Teaching Teachers: Learning to deal with emotions in the classroom


POSTED: Tuesday, February 19, 2013 - 12:33pm

UPDATED: Tuesday, February 19, 2013 - 2:28pm

When the school bell rings, there's often more on students' minds than classwork.  Whether it's problems at home, or with friends, students are stressed, and that impacts their performance in the classroom.

"I think in today's society, given everything that's going on, the students are coming in with a lot more emotional issues than they were in the past," said Dr. Rick Myer, Chair of the Department of Educational Psychology and Special Services at UTEP.

"Research shows that students who are distracted because of emotional difficulties, whether it's in the classroom or from their family life, or from wherever, they don't learn as well," said Dr. Myer.

Improvements in assessments have made it easier to diagnose some problems such as ADD/ADHD and Autism, but not all issues are as easy to identify.

"You also have students coming in who have more transient, or temporary emotional problems that teachers may not be aware of, and may or may not be prepared to handle," said Dr. Myer.

Dr. Myer said teachers now are dealing with students who have anger and other emotional issues.

"When I was in school, if a teacher told you to do something, you did it. You didn't talk back, and I think that has changed," said Dr. Myer.

Frank McDonald is a middle school science teacher in El Paso and he agree with Dr. Myer.  He said he is definitely seeing a trend in student behavior.

"Some kids are more outspoken, they feel more comfortable expressing their feelings, where there isn't that idea that whatever the teacher says is right," said McDonald.

McDonald believes this is especially common among middle school students because they are not only going through a lot of physical changes, but they are learning to deal with a lot of emotional issues for the very first time.  McDonald said helping students deal with those emotions can take a personal toll on a teacher.

"There have been issues where a kid has been affected by something and it bothers me. The things that really do bother me are the things I realize can play a role for many years to come in the child's life," said McDonald.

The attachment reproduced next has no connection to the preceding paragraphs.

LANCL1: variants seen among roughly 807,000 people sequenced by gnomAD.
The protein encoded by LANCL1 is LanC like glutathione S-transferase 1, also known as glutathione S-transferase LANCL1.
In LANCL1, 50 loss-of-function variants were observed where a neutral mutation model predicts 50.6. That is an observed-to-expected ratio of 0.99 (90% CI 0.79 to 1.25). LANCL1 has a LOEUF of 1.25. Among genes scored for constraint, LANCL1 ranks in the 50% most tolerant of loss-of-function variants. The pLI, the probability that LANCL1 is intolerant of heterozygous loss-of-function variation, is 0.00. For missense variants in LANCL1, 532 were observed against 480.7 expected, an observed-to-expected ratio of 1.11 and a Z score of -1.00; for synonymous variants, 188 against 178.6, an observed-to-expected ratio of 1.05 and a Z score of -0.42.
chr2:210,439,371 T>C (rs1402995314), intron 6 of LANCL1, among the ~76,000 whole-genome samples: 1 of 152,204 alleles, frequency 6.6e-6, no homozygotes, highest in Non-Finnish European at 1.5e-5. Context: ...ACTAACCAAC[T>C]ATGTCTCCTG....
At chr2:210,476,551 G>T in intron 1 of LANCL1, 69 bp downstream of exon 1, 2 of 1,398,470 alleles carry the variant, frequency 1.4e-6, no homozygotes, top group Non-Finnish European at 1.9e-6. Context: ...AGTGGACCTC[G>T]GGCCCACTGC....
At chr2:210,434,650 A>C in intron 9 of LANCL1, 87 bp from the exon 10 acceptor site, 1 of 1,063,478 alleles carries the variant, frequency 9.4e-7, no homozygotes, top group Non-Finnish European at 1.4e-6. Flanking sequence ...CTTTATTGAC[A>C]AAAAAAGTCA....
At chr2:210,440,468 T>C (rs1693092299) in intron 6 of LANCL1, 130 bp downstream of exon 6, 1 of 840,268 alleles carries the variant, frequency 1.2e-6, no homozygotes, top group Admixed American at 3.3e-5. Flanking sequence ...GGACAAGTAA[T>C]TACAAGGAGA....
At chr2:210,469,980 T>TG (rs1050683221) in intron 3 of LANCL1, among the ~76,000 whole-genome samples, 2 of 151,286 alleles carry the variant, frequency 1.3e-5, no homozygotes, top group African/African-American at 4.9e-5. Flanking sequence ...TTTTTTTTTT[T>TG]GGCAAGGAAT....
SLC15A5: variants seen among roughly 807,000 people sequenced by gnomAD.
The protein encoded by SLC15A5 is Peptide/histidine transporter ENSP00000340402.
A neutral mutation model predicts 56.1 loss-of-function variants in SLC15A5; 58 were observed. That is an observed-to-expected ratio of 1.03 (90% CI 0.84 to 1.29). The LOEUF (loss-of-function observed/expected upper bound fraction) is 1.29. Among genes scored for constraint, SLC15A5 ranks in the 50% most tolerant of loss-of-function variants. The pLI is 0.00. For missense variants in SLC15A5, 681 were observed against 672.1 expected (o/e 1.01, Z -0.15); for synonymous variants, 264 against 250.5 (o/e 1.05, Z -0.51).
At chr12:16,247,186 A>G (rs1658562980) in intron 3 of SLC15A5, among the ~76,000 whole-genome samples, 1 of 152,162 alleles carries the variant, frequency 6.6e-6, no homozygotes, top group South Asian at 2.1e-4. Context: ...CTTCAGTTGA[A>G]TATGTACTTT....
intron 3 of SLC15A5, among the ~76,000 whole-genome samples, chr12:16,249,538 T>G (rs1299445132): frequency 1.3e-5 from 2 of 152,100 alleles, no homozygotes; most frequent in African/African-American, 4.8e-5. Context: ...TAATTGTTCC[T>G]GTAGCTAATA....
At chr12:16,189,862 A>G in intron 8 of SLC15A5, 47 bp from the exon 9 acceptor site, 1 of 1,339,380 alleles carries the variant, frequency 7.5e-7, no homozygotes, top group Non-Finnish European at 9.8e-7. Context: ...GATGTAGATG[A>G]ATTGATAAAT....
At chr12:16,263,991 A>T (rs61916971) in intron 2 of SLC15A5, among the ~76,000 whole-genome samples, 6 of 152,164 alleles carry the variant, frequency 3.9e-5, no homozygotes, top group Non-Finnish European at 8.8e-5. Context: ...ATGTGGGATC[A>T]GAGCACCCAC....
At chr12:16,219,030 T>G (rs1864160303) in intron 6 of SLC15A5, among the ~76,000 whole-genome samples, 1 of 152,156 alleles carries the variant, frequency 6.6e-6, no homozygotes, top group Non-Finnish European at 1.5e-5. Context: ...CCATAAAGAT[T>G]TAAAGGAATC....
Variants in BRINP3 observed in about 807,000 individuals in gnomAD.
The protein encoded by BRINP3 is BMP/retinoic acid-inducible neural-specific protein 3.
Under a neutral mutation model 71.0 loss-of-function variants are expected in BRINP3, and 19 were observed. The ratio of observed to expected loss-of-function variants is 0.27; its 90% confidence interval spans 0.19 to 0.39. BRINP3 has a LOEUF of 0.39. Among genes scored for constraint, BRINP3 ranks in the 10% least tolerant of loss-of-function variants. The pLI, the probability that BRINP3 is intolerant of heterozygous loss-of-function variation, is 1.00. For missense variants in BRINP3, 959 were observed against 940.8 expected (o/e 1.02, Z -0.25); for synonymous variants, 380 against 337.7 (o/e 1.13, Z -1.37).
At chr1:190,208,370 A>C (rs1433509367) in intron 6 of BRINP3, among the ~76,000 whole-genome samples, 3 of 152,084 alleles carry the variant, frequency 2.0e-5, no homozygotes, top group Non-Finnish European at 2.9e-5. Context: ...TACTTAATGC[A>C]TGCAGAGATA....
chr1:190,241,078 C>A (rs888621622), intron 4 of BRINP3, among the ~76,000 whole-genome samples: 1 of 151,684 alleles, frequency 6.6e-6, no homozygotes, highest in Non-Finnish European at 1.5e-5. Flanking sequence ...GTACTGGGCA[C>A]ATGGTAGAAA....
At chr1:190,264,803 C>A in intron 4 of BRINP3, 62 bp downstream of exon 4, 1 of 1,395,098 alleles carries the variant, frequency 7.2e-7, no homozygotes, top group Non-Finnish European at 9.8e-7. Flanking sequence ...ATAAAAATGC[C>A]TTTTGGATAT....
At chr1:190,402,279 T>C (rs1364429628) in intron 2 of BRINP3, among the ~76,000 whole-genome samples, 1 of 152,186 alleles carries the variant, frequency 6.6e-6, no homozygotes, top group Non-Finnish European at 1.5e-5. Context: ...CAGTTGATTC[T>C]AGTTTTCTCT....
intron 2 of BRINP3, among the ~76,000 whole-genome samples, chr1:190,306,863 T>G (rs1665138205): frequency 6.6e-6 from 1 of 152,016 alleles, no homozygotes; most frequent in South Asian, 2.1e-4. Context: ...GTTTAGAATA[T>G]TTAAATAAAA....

McDonald believes that the role of teachers no longer only includes classroom instruction, but also looking out for the emotional well-being of their students.

"A lot of times I'm the first line where I say, 'This child has an issue,' and I direct them in the right way to get more help," said McDonald.

McDonald would like to see more training to make sure he does not miss any read flags.

"Maybe there's kids that have sat in my classroom that have shown the signs, I just wasn't able to recognize them.  And if we can get it at an early stage and take care of the problems, then the better off the kid is going to be," said McDonald.

That is precisely the training that Dr. Myer is working to develop at UTEP.  A new program scheduled to launch in the fall is targeted at helping teachers recognize emotional problems in their students.

"These classes will help to coach and to train teachers to identify these students, know where the students are emotionally and how to approach them," said Dr. Myer, and added, "We're not training them to be counselors or therapists or psychologists, but helping them to learn how they can use their lesson plans to be helpful to the students who are having these kinds of issues."

The new program at UTEP will be a continuing education certificate program open to professionals who are already teaching. 

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